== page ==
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Biology

Analysis of Gene Function and Visualization of Cilia-Generated Fluid Flow in Kupffer's Vesicle

Published: March 31st, 2013

DOI:

10.3791/50038

1Department of Cell and Developmental Biology, State University of New York, Upstate Medical University, 2Department of Neurobiology and Anatomy, Eccles Institute of Human Genetics, University of Utah

Cilia-generated fluid flow in Kupffer’s Vesicle (KV) controls left-right patterning of the zebrafish embryo. Here, we describe a technique to modulate gene function specifically in KV cells. In addition, we show how to deliver fluorescent beads into KV to visualize fluid flow.

Internal organs such as the heart, brain, and gut develop left-right (LR) asymmetries that are critical for their normal functions1. Motile cilia are involved in establishing LR asymmetry in vertebrate embryos, including mouse, frog, and zebrafish2-6. These 'LR cilia' generate asymmetric fluid flow that is necessary to trigger a conserved asymmetric Nodal (TGF-β superfamily) signaling cascade in the left lateral plate mesoderm, which is thought to provide LR patterning information for developing organs7. Thus, to understand mechanisms underlying LR patterning, it is essential to identify genes that regulate the organization of LR ciliated cells, the motility and length of LR cilia and their ability to generate robust asymmetric flow.

In the zebrafish embryo, LR cilia are located in Kupffer's vesicle (KV)2,4,5. KV is comprised of a single layer of monociliated epithelial cells that enclose a fluid-filled lumen. Fate mapping has shown that KV is derived from a group of ~20-30 cells known as dorsal forerunner cells (DFCs) that migrate at the dorsal blastoderm margin during epiboly stages8,9. During early somite stages, DFCs cluster and differentiate into ciliated epithelial cells to form KV in the tailbud of the embryo10,11. The ability to identify and track DFCs—in combination with optical transparency and rapid development of the zebrafish embryo—make zebrafish KV an excellent model system to study LR ciliated cells.

Interestingly, progenitors of the DFC/KV cell lineage retain cytoplasmic bridges between the yolk cell up to 4 hr post-fertilization (hpf), whereas cytoplasmic bridges between the yolk cell and other embryonic cells close after 2 hpf8. Taking advantage of these cytoplasmic bridges, we developed a stage-specific injection strategy to deliver morpholino oligonucleotides (MO) exclusively to DFCs and knockdown the function of a targeted gene in these cells12. This technique creates chimeric embryos in which gene function is knocked down in the DFC/KV lineage developing in the context of a wild-type embryo. To analyze asymmetric fluid flow in KV, we inject fluorescent microbeads into the KV lumen and record bead movement using videomicroscopy2. Fluid flow is easily visualized and can be quantified by tracking bead displacement over time.

Here, using the stage-specific DFC-targeted gene knockdown technique and injection of fluorescent microbeads into KV to visualize flow, we present a protocol that provides an effective approach to characterize the role of a particular gene during KV development and function.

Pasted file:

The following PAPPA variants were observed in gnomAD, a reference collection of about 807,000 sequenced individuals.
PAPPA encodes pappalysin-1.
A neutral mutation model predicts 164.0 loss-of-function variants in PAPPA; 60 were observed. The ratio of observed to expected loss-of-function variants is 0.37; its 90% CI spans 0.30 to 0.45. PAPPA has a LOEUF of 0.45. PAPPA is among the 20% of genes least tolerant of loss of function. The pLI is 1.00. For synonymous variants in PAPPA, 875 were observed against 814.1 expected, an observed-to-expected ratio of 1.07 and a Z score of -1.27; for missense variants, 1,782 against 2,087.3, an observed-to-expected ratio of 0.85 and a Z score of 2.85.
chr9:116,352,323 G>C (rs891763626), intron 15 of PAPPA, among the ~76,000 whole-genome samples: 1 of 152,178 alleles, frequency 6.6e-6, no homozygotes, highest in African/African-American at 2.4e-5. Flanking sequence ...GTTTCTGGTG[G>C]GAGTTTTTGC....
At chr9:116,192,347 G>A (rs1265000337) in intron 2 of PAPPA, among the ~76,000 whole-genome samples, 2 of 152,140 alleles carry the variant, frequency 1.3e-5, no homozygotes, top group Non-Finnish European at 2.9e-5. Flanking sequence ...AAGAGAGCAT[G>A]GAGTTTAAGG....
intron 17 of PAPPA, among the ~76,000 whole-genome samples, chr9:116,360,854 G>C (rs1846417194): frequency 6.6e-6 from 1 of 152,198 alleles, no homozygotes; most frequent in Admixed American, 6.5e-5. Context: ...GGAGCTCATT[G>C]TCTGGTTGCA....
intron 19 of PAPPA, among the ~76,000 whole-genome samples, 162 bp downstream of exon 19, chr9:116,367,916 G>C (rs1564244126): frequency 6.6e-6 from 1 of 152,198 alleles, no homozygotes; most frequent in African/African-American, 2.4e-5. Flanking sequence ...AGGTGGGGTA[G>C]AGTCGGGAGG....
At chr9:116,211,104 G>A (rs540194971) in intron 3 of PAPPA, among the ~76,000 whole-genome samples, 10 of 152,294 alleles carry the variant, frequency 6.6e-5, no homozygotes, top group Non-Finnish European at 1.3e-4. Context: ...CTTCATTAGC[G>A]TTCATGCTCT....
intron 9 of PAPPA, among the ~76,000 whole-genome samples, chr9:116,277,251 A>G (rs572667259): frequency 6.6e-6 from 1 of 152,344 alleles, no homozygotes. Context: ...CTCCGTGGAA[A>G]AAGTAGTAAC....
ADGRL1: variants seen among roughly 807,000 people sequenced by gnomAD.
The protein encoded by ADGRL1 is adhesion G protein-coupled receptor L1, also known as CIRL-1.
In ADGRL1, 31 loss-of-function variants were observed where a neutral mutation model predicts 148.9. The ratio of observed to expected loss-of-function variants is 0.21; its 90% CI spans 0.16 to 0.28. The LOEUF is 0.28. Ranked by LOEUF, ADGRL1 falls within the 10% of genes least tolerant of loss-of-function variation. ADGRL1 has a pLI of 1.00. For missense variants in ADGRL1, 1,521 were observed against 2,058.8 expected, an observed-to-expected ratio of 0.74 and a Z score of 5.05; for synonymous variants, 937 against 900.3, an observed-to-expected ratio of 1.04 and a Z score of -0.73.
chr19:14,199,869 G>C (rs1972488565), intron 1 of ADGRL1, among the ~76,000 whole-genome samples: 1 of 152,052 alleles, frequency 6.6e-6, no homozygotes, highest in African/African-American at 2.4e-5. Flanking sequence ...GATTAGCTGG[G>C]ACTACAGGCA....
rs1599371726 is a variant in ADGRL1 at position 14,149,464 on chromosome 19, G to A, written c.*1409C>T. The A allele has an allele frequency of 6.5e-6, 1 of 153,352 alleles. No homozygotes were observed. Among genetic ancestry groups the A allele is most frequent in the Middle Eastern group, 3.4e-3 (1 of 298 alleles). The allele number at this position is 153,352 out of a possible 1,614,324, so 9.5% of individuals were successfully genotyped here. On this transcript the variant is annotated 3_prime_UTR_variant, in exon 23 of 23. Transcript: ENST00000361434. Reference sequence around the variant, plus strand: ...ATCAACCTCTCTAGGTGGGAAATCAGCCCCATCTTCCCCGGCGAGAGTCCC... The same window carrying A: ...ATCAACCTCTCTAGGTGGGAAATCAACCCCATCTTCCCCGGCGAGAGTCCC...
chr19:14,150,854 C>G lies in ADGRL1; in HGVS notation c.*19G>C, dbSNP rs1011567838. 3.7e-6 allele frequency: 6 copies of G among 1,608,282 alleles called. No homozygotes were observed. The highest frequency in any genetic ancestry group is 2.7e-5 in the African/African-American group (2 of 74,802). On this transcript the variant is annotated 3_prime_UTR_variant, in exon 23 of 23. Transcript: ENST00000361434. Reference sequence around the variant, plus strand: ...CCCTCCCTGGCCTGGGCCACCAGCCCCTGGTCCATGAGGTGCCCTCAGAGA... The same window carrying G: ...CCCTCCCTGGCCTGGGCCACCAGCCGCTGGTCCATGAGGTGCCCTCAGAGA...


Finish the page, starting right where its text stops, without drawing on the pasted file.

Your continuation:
Overview of Stage-Specific Zebrafish Embryo Injections

Antisense morpholino oligonucleotides (MO), which bind to a targeted mRNA and disrupt protein expression from that transcript, are widely used in gene knockdown (loss-of-function) studies in zebrafish13,14. Gene Tools, LLC offers MOs that are tagged with either carboxyfluorescein (emits green fluorescence) or lissamine (emits red fluorescence) to detect MO in injected embryos using fluorescent microscopy. By injecting MO into the y.......

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Stage-specific MO injections provide a useful approach to analyze gene function in specific compartments of the embryo. Figure 1 presents a flow chart of the injection strategies used to test gene function in DFC/KV cells and how to introduce fluorescent beads to visualize fluid flow in KV. The distribution of fluorescent MO in successful stage-specific injected embryos is shown schematically in Figures 1D-F and in live embryos in Figure 2. An unsuccessful MO injection, .......

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Using stage-specific injections to target MO to the DFC/KV cell lineage is a useful approach to study cell-autonomy of gene function and avoid pleiotropic phenotypes caused by global gene knockdown. However, these injections can be technically challenging. Injection of MO between the 256-cell and 1,000-cell stages can result in three possible outcomes: 1) the MO remains aggregated at the injection site, 2) the MO diffuses throughout the yolk and enters DFC/KV cells or 3) the MO diffuses throughout the yolk and enters DFC.......

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We thank Fiona Foley for excellent lab support and zebrafish care. This work was supported an AHA predoctoral fellowship to G.W. (11PRE5730027) and NHLBI grants to H.J.Y. (R01HL66292) and J.D.A. (R01HL095690).

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Name Company Catalog Number Comments
Name of Reagent/Material Company Catalogue Number
Standard Control oligo-Lissamine tagged Gene Tools, LLC
Custom Rock2b morpholino oligo Gene Tools, LLC
Fluoresbrite Multifluorescent 0.5 micron Microspheres Polysciences, Inc. 24054

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